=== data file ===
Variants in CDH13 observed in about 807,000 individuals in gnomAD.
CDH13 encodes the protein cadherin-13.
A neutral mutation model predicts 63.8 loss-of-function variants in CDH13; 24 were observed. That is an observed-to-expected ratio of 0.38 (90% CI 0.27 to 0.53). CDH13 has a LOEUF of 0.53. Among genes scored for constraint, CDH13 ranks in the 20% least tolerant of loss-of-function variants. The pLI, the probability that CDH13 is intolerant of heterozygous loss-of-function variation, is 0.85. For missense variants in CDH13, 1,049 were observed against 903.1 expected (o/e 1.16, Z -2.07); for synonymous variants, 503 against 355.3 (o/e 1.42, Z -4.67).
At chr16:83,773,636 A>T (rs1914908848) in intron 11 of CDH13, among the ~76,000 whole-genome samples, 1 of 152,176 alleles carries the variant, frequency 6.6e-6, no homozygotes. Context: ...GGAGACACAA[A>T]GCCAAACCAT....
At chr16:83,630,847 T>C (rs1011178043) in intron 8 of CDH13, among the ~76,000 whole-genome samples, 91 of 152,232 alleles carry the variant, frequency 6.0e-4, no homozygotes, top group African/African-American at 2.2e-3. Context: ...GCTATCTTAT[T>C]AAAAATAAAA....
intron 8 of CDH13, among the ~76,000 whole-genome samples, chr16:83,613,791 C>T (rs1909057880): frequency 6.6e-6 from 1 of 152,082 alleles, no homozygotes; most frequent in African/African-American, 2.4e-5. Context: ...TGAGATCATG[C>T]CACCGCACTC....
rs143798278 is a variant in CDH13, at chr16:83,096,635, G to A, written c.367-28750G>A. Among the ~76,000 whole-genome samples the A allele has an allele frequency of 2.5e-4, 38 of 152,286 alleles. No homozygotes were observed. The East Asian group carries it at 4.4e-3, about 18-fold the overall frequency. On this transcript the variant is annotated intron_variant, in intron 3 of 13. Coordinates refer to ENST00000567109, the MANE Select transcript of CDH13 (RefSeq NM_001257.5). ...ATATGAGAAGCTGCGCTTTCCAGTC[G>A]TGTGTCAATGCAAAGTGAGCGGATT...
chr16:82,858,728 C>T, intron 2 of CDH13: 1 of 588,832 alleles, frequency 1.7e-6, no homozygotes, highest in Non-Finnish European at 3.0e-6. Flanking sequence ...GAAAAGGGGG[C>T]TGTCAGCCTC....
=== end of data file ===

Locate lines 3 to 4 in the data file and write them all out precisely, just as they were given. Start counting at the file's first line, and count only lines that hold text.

A neutral mutation model predicts 63.8 loss-of-function variants in CDH13; 24 were observed. That is an observed-to-expected ratio of 0.38 (90% CI 0.27 to 0.53). CDH13 has a LOEUF of 0.53. Among genes scored for constraint, CDH13 ranks in the 20% least tolerant of loss-of-function variants. The pLI, the probability that CDH13 is intolerant of heterozygous loss-of-function variation, is 0.85. For missense variants in CDH13, 1,049 were observed against 903.1 expected (o/e 1.16, Z -2.07); for synonymous variants, 503 against 355.3 (o/e 1.42, Z -4.67).
At chr16:83,773,636 A>T (rs1914908848) in intron 11 of CDH13, among the ~76,000 whole-genome samples, 1 of 152,176 alleles carries the variant, frequency 6.6e-6, no homozygotes. Context: ...GGAGACACAA[A>T]GCCAAACCAT....